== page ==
Craft Beer Growth Slows as U.S. Brewery Count Tops 4,600


Although overall craft beer growth has slowed considerably, production for America’s small and independent craft brewers was still up eight percent through the first six months of 2016, according to a new report from the Brewers Association.

The BA — which represents America’s small and independent brewers and sourced production estimates from hundreds of craft beer companies as part of its annual mid-year review — did not specify exactly how many barrels small brewers have made this year, but the report suggests that more than 13 million barrels of craft beer have already been produced in 2016.

Around this time last year, craft brewers had brewed 12.2 million barrels, according to the BA, and were growing at a 16 percent clip. In 2014, meanwhile, BA-defined craft beer production had grown 18 percent through the first six months of the year.

“While the craft brewing industry is entering a period of maturation, most markets are not near saturation,” Bart Watson, the group’s chief economist said via a press release. “As craft’s base gets larger, as with any industry, it becomes more difficult for it to grow at the same percentage rate. Yet there is still tremendous dynamism reflected in eight percent growth for craft.”

It’s a familiar refrain from Watson, who for months has been hinting at a craft beer slowdown.

“As the industry matures and moves into the mainstream, slower growth is a natural part of that maturation,” Watson told Brewbound in March, adding that slower segment-wide growth in 2015 was largely caused by sluggish sales from craft’s largest players.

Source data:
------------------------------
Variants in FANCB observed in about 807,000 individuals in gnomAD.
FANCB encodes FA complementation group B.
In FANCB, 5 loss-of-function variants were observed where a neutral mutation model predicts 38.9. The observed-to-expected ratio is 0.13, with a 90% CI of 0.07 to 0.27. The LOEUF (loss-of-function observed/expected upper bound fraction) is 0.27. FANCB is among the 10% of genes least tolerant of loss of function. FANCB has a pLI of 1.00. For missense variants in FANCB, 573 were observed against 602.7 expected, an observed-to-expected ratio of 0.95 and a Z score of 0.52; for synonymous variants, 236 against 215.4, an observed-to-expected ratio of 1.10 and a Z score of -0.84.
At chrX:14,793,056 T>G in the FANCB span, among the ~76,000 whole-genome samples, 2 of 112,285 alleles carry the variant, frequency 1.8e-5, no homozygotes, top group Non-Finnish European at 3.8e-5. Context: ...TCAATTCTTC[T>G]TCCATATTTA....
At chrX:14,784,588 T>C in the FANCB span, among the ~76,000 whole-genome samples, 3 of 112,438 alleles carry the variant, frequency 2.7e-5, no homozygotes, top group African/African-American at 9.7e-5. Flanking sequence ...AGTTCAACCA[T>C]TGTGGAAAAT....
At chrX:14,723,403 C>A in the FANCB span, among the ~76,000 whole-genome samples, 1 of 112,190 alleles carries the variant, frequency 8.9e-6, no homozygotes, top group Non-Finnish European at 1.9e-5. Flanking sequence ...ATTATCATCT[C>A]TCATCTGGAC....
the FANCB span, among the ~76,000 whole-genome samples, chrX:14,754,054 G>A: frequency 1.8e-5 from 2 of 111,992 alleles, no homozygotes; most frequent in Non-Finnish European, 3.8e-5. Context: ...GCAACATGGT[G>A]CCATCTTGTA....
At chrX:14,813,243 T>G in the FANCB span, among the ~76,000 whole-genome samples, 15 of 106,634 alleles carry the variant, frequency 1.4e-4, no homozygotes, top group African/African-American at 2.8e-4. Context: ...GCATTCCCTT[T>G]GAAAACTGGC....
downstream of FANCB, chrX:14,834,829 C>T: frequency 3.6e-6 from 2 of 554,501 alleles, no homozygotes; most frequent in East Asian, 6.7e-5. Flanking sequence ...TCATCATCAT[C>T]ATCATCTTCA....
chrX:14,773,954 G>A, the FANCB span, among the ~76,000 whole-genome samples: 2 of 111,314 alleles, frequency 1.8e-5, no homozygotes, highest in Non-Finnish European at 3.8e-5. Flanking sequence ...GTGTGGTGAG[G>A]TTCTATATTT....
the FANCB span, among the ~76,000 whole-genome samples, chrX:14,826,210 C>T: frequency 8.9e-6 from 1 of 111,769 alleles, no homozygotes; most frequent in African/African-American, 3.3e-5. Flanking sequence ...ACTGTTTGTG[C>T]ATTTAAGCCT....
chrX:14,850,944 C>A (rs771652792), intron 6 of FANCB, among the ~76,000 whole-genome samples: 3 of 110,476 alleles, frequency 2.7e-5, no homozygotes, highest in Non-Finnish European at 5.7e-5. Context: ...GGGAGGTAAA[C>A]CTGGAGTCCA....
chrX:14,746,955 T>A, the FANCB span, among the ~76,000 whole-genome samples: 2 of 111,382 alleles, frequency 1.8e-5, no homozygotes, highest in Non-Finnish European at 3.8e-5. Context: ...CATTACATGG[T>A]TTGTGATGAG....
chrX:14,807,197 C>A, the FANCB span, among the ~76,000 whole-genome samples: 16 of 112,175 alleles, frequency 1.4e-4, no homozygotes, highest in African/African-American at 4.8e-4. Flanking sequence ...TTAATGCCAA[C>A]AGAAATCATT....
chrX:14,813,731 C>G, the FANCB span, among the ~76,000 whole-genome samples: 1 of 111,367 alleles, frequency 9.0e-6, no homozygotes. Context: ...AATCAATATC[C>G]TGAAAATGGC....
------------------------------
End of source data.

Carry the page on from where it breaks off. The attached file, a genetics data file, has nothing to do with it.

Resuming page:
Watson made that point again today, writing in a blog post that there is “clear evidence that any slowdown in growth is primarily centered on regional craft brewers.”

Indeed, sales at grocery and convenience stores for three of the top five BA-defined craft beer companies — Boston Beer, Sierra Nevada and Gambrinus — were down as much as 3 percent through July 10, according to market research firm IRI Worldwide.

Watson attributed those declines to “fewer low-hanging growth opportunities, competition from the large brewers, acquisitions of fast growing breweries, as well as simply a more crowded beer marketplace.”

But regional brewery performance is still just one part of the equation. According to Watson, growth amongst microbreweries – those companies making less than 15,000 barrel annually – and brewpubs are “nearly as strong as ever.”

“We found 30 percent plus growth in breweries that were less than 15,000 barrels last year,” he wrote.

But slower growth hasn’t curbed brewery openings. In fact, a record high 4,656 breweries are now operating in the U.S. as of June 30, an increase of 917 over the previous comparable 12-month period, according to the BA. There are also still another 2,200 breweries in planning, the organization added.

“As long as beer lover demand for craft brewed beer continues to rise, there will be new market opportunities for small and independent craft brewers,” Watson said in a video announcement that accompanied the release.

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